The Conscious Freak

There has been and I’m sure will be much more written about the type

of people you will find in any organisation. The spectrum ranges from

four to seven different types, maybe even more according to some


Obviously only a few types are really contributing to an organisation. As some are watching, and hopefully only a few are disturbing or hindering the progress of the business.

Now I don’t want to go into this area in details as such, but I would like to look at two specific groups that really drive and sustain a company at large in my opinion - the Professionals / Organisers and Creators / Leaders. Or as I alternatively call them: the Conscious and the Freaks.

Typically, they would reside in, or occupy, specific functions in the organisation, most likely very contrary to one another. The glaring opposite polarity of these two characters very often leads to friction when they engage or need to work together, this due to the sheer differences in behaviour, mind-set and expectations.

Hence, we invented management to deal with the unfolding situations and the result is then called “compromise with tendencies” depending on the manager’s profile.

The pure culture

Based on my experience working for, working with and watching people in a work environment, the old principles or practises of deploying the various character dimensions into specific function boxes, where they are supposed to perform best, is no longer adequate.

This only creates silos or boxes, or better a heap of containers or cells, stacked side by side and on top of each other, isolated by metal walls, where no container knows or cares what’s in the other.

For an organism to strive, you want as little or ideally no friction between the cells, instead you want a strong harmonious organism that biologists would call a “pure culture”.

The creation of the Conscious Freak

Therefore, the Conscious and the Freaks need to be merged into the same body and mind to create what I like to call the "The Conscious Freak”, and not kept in individual, possibly opposing positions.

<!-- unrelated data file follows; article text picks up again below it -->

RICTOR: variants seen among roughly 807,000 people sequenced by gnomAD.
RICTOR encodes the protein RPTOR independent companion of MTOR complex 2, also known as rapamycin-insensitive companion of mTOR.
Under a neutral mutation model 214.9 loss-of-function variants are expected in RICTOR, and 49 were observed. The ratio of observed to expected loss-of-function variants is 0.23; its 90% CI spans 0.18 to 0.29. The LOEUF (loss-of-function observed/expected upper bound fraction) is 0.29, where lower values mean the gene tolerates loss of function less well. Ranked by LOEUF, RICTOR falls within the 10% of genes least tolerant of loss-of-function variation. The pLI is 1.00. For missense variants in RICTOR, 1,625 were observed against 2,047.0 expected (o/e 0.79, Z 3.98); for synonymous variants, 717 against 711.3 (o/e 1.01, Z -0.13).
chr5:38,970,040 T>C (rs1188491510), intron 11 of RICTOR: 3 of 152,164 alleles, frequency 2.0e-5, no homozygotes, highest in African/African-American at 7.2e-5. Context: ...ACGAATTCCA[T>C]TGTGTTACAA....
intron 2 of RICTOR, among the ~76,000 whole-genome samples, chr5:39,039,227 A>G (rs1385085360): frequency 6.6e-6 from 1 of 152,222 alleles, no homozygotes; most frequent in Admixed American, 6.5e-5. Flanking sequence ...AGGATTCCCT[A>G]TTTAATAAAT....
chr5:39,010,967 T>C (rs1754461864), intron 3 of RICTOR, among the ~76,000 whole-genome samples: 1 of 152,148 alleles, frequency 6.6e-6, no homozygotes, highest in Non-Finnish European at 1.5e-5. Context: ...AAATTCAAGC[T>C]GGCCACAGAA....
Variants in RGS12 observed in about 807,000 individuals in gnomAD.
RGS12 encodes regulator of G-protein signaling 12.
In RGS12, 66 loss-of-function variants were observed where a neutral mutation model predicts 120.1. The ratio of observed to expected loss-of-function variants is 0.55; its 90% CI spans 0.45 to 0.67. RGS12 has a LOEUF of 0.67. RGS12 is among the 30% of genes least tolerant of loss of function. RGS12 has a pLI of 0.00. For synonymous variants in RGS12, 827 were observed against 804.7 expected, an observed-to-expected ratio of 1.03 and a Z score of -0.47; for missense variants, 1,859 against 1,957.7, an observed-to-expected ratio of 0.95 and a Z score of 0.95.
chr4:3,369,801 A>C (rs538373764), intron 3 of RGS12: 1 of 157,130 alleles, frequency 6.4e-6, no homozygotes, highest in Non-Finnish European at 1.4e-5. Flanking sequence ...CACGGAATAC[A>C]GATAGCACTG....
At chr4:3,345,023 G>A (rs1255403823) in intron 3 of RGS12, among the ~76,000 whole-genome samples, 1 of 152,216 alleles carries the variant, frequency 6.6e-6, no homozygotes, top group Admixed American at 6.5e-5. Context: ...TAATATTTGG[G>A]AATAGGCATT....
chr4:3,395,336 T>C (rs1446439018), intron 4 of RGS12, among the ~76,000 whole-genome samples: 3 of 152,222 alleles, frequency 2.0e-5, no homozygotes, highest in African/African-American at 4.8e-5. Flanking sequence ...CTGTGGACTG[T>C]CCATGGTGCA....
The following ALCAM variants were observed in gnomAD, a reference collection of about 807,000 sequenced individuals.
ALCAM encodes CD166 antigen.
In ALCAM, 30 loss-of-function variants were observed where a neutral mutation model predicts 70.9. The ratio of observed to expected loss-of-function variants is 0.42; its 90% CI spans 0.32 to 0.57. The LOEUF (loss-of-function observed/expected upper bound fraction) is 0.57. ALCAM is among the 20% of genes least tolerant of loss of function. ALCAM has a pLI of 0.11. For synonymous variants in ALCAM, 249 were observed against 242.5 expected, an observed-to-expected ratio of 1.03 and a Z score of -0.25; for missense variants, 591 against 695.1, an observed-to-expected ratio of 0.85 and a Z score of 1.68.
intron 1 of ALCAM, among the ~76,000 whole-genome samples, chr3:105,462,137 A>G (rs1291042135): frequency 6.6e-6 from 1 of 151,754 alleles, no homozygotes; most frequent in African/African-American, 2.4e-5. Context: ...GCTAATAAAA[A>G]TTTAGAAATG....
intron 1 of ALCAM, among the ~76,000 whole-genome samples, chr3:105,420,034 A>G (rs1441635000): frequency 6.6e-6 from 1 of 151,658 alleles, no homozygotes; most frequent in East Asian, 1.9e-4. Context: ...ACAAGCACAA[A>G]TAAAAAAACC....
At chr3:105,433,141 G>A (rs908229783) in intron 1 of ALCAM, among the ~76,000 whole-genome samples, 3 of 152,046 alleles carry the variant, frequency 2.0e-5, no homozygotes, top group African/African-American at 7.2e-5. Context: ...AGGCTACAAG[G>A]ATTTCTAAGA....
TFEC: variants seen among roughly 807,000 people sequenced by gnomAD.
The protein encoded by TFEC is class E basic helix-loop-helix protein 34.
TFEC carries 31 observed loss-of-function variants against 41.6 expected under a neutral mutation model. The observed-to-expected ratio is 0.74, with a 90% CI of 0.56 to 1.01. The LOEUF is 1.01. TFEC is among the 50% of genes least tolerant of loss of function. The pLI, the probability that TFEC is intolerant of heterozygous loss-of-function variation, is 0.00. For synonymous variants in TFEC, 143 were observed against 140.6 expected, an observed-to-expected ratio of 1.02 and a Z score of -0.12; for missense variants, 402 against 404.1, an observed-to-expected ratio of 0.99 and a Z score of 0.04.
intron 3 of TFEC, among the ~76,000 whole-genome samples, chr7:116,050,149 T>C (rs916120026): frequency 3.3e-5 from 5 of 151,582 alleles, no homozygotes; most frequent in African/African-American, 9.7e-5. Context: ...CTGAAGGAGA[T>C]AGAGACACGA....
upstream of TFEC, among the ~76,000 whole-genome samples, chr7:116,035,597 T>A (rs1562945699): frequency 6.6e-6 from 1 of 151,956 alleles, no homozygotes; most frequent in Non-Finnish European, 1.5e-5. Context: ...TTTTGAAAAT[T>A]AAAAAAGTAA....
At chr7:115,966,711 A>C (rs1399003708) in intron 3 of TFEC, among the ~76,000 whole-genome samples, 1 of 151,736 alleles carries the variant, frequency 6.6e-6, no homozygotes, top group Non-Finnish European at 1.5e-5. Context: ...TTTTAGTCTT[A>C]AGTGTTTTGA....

This merger of these two personalities into one would lead to the creation of the most advance hybrid, where the friction happens within the person and not between the persons. I’m not talking about genetically modified humans here. I’m talking about selecting the right mix of personalities - the ones who can still be morphed into one. From there, they can then be deployed into the right functions.

Depending on the role one occupies, the ratios between consciousness and freakishness you encourage within one of these hybrids will have to vary. As you don’t want a freakish inclined person as Finance Manager, nor the conscious inclined ones in Creative Design.

What characteristics does a conscious person have?

They like policies, talk about best practices, are very organised and like, or even better, need procedures. They strive for excellence and perfection, sometimes just for the sake of it and prefer continuity and security. Finally, they do not deal well with uncertainty. Rules are a major part of their lives, the ones they set for themselves or the ones set by others.

What characteristics does a freakish person have?

They are opportunistic and daring, fast and yet flexible and take unconventional decisions or moves. They are the masters of shortcuts, as long as they lead to the desired result more quickly and not necessarily more elegantly or beautifully. As a result, these shortcuts are rarely repeatable.

More importantly, they are insanely passionate about their ideas and creations, and are also very emotional when they work out or when they don’t.

What is important to remember however, is that neither is to be seen as good or bad. They are both relevant and important sides of one’s personality, and key to success if maybe put to different use. But neither goes very far without the other.

Be your consciously freakish self

What is the message you might ask? Accept who you are, as what you may think is a weakness may turn out to be a strength, unlike what parents, teachers, HR people and others may tell you. In your school or work appraisals, you may have been told to work on your weaknesses and build on your strengths. That could be the freakish part or the conscious one, depending on your job and the type of boss or person doing the appraisal.

Since there is clearly no objectivity possible, the amount of freakishness and consciousness you need in your inner self will vary from work environment to work environment and what may seem to be a weakness in one organisation could actually be a strength in another. So the appointment of the Conscious Freaks is important, and one should not try to mould people into functions they simply don't fit in, and have to pretend they are suitable for.

Let’s be a bit more consciously freakish!

Andreas Hipp